1994 Toyota Landcruiser GLX 4.2 from Australia and New Zealand
A versatile sporting family vehicle
This is the fourth Landcruiser our family has owned. The first was a 1988 60 series turbo diesel, which was replaced by a 2 year old 100 series auto, which I borrowed from my husband to tow the horse float. When the need to drag the nag around became almost non-stop, and we needed another vehicle capable of transporting a minimum of 6, I found a 1994, 4.2lt, 4 speed auto, 80 series for my very own. By the time she had done 271,000km, she needed some work doing on rings and other expensive things to make it worth putting her on LPG, and my husband tried very hard to convince me that I needed a new car. I insisted that I just needed the same car, but with less kms. Then I found Rosie 2. The same year, the same colour (shame that burgundy is SO common) with only 57,000km on the clock.
She came home with us, and was converted to LPG. This was the second time I have converted a Toyota to LPG, and while this time it has been more successful, you really have to have a mechanic who is really sympathetic to Toyota engines to maintain them well, so as to get the best out of them. We have had almost disastrous results, since said mechanic sold up and the last guy has not been able to tune the car properly, with it alternately backfiring or sucking juice like a dehydrated toddler.
Her 4.2lt engine gives her a lot more get up and go then the previous model, but she does suffer from a mild drinking problem (thus the LPG conversion). She tows a float so easily that my husband has literally forgotten he had it on (what happened to checking mirrors??!!) and I have overtaken cars on the freeway with three ponies in the float. On road she handles much more like a car than the 60 series, although falls short of the 100 series. I find her easy to park, and she is easy to find in a carpark, but people used to their butts dragging on the ground in their cars are intimidated by her size. The constant four wheel drive also means I can take advantage of parking spots that 'street' cars run shrieking from - or are towed from.
I have taken her off road in "man from snowy river" country, and she just toddled up and over everything, although she does have to have the right boots on if it's wet. I did miss the diesel low revs coming down steep hills, as the auto does like to rev a lot higher, but I can forgive her as she put to shame the "experienced" guy in his Nissan (I don't think it was the Nissan's fault). I didn't find I needed the lock down option available in the 100 series in the mud, and river crossings were easy. It's nice to not have to get out of the car to lock the hubs, with an option to lock the central diff on the dash, and then a gear stick to engage Low Low for when you want to get serious.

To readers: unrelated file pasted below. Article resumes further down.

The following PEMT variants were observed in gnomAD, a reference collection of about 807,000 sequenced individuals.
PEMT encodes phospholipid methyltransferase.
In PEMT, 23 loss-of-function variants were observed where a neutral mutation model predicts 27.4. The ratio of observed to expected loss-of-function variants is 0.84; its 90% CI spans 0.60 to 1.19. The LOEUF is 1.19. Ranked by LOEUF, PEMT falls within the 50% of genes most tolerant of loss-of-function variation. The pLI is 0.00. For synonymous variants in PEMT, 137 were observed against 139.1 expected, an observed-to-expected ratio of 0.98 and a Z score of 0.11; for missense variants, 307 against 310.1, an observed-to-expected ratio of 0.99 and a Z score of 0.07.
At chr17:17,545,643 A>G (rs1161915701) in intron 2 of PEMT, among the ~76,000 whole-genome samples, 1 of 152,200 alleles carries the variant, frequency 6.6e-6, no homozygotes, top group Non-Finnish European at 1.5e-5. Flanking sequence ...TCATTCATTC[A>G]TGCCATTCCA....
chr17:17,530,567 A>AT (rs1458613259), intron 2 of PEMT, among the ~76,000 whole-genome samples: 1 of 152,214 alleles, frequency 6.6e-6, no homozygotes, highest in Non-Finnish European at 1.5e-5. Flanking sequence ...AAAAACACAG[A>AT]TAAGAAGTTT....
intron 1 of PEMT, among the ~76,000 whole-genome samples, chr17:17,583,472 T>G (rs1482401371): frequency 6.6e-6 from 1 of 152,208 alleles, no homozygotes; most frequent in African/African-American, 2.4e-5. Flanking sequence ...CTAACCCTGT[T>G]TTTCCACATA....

I don't like having the tyre mounted on the back, which would be OK with barn doors, but are a pain when you need to get to the back more than once in a day. The positive is that it isn't so hard to get to the spare when you get a flat - especially if your wheels are in ruts so deep that your diff is dragging in the mud as happened to one of the 100 series. We also had the suspension 're-sprung' to better compensate towing.
I have always loved the grey interior, and it has been interesting to see the evolution from the 60 series through to the 100 series. The last row of seats, while OK when the kids were little, are not ideal for long trips, especially now that they are getting taller than me. With them folded up, there is enough room to put 2 bales of hay and a 25kg bag of chaff, or several bags of basketballs or enough shopping to feed five children, 2 of whom are already over 6'2". With the back seats up and the middle seats folded forward there is just enough room for me to sleep (but not stretch out), which is still infinitely more comfortable than sleeping in the float. The air con works a treat (though NOTHING will ever live up to that on the 60) and the audio system only redeems itself in this age of mp3s with a cassette adapter. (My children didn't even know what a cassette was!)
I have absolutely loved both my 80 series. My husband who traded his 100 series in on a Mitsubishi Triton (a story in itself) is now looking at the 200 series. If he does, with less horses, bigger kids and more kms driving to and from basketball games, it may be that Rosie 2 will make way for a more economical form of transport.
It's just that nothing grabs my spirit like she does.
Would you buy another car from this manufacturer? Yes
Review Date: 5th April, 2010
Whilst I appreciate that you are using your landcruiser to it's full ability, as one of the 'butt draggers' as you so politely put it, I am fed up with these 'behemoths' being driven around cities by people who don't know how to drive them, particularly young mums, who think they are driving a safe car for their families. In reality, they may be safer in an accident (unless it rolls) but I can guarantee you they will probably kill anyone they hit, whether they were in the right or wrong. I've seen some truly shocking driving by landcruiser drivers. You may find it easy to park, but trust me, no one else does around you when some drivers of these take up to 3 parking spaces.